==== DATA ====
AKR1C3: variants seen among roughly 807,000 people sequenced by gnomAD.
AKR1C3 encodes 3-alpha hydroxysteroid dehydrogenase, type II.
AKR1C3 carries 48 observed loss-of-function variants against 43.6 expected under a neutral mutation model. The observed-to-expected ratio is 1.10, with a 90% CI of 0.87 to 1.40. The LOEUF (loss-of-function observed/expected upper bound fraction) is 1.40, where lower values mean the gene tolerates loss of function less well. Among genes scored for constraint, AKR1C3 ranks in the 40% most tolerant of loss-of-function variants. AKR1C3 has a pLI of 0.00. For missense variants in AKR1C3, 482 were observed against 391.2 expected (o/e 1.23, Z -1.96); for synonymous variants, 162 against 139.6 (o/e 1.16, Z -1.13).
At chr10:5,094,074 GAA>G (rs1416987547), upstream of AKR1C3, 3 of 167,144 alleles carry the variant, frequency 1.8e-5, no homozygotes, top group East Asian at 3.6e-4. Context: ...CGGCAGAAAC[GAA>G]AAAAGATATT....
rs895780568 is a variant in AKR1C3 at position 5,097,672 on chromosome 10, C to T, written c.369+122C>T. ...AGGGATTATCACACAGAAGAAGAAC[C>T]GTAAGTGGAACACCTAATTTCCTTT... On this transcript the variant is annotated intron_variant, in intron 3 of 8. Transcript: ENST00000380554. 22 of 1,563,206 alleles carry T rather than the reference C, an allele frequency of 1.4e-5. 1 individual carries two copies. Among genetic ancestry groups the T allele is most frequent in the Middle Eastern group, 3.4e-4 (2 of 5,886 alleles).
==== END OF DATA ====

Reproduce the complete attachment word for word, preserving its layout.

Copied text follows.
AKR1C3: variants seen among roughly 807,000 people sequenced by gnomAD.
AKR1C3 encodes 3-alpha hydroxysteroid dehydrogenase, type II.
AKR1C3 carries 48 observed loss-of-function variants against 43.6 expected under a neutral mutation model. The observed-to-expected ratio is 1.10, with a 90% CI of 0.87 to 1.40. The LOEUF (loss-of-function observed/expected upper bound fraction) is 1.40, where lower values mean the gene tolerates loss of function less well. Among genes scored for constraint, AKR1C3 ranks in the 40% most tolerant of loss-of-function variants. AKR1C3 has a pLI of 0.00. For missense variants in AKR1C3, 482 were observed against 391.2 expected (o/e 1.23, Z -1.96); for synonymous variants, 162 against 139.6 (o/e 1.16, Z -1.13).
At chr10:5,094,074 GAA>G (rs1416987547), upstream of AKR1C3, 3 of 167,144 alleles carry the variant, frequency 1.8e-5, no homozygotes, top group East Asian at 3.6e-4. Context: ...CGGCAGAAAC[GAA>G]AAAAGATATT....
rs895780568 is a variant in AKR1C3 at position 5,097,672 on chromosome 10, C to T, written c.369+122C>T. ...AGGGATTATCACACAGAAGAAGAAC[C>T]GTAAGTGGAACACCTAATTTCCTTT... On this transcript the variant is annotated intron_variant, in intron 3 of 8. Transcript: ENST00000380554. 22 of 1,563,206 alleles carry T rather than the reference C, an allele frequency of 1.4e-5. 1 individual carries two copies. Among genetic ancestry groups the T allele is most frequent in the Middle Eastern group, 3.4e-4 (2 of 5,886 alleles).